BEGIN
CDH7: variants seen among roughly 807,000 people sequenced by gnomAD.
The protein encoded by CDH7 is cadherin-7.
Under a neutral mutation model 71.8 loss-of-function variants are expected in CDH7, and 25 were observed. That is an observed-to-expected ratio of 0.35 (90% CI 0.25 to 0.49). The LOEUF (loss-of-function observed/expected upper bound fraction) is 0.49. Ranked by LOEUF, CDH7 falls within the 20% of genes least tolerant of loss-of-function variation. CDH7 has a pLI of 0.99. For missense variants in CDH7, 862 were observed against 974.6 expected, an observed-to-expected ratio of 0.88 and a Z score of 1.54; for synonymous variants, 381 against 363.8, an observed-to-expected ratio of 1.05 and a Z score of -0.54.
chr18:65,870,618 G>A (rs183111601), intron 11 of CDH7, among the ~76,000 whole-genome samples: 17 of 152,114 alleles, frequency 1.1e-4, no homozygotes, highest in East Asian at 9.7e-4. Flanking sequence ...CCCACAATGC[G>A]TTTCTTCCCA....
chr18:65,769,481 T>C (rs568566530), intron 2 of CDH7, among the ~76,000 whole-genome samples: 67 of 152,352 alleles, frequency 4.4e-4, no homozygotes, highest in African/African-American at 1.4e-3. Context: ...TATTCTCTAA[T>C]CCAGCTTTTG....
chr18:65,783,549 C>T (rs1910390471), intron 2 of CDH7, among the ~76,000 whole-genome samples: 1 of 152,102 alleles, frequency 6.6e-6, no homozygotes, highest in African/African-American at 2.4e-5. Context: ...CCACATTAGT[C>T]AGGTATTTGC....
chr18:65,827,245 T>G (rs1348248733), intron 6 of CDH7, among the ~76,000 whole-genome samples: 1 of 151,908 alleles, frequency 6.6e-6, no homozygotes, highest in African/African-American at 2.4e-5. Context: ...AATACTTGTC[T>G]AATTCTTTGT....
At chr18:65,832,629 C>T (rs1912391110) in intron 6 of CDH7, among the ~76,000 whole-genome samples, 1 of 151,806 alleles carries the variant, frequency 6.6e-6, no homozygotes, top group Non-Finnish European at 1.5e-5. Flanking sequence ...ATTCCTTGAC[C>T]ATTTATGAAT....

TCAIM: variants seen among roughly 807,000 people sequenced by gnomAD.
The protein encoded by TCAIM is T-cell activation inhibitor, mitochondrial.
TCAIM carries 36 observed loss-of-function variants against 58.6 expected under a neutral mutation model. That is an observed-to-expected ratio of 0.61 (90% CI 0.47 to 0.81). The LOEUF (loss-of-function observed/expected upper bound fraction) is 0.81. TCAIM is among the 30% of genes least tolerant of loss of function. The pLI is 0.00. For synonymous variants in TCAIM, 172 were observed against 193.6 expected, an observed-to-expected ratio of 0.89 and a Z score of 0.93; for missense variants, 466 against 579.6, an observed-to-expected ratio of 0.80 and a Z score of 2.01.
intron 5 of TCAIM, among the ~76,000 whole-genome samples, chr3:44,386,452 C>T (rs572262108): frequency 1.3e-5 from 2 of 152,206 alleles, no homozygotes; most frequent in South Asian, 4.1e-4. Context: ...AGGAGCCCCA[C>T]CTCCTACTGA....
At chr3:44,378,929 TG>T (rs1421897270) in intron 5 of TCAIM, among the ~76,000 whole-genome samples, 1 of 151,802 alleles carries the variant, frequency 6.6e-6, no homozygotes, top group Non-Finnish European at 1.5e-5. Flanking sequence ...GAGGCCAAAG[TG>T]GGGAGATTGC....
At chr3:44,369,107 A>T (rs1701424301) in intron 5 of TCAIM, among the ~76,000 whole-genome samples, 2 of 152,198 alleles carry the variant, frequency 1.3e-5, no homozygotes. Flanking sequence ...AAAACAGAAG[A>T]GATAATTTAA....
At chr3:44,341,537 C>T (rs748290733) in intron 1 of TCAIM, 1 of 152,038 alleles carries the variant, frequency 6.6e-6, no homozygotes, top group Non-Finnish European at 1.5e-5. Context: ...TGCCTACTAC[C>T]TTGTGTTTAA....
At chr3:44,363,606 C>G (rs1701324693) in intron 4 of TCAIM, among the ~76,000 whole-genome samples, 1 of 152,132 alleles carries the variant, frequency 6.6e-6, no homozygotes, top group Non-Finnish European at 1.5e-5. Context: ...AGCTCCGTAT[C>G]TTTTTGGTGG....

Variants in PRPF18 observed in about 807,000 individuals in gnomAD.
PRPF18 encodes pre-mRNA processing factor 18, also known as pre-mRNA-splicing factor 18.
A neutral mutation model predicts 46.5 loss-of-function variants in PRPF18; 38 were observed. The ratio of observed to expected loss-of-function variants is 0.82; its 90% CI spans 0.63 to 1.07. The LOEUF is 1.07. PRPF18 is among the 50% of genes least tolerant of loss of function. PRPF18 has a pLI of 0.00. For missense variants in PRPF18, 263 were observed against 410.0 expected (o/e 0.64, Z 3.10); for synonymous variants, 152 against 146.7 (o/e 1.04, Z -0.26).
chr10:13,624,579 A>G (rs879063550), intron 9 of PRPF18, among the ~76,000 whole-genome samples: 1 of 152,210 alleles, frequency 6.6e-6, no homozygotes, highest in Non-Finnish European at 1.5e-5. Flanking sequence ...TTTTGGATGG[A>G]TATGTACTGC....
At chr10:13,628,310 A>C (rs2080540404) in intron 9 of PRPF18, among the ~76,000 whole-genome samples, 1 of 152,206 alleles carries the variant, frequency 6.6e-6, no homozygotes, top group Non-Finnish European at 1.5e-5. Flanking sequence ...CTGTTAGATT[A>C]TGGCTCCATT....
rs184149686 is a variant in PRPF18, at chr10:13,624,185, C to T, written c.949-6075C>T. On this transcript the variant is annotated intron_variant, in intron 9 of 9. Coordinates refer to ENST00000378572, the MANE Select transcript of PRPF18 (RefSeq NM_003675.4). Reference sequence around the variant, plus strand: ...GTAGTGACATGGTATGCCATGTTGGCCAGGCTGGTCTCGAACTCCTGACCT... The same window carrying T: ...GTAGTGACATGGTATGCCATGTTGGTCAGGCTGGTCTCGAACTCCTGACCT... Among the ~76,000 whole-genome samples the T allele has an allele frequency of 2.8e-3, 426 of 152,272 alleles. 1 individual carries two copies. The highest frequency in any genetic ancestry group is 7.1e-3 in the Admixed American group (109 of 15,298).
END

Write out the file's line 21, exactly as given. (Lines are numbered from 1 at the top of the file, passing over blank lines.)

At chr10:13,628,310 A>C (rs2080540404) in intron 9 of PRPF18, among the ~76,000 whole-genome samples, 1 of 152,206 alleles carries the variant, frequency 6.6e-6, no homozygotes, top group Non-Finnish European at 1.5e-5. Flanking sequence ...CTGTTAGATT[A>C]TGGCTCCATT....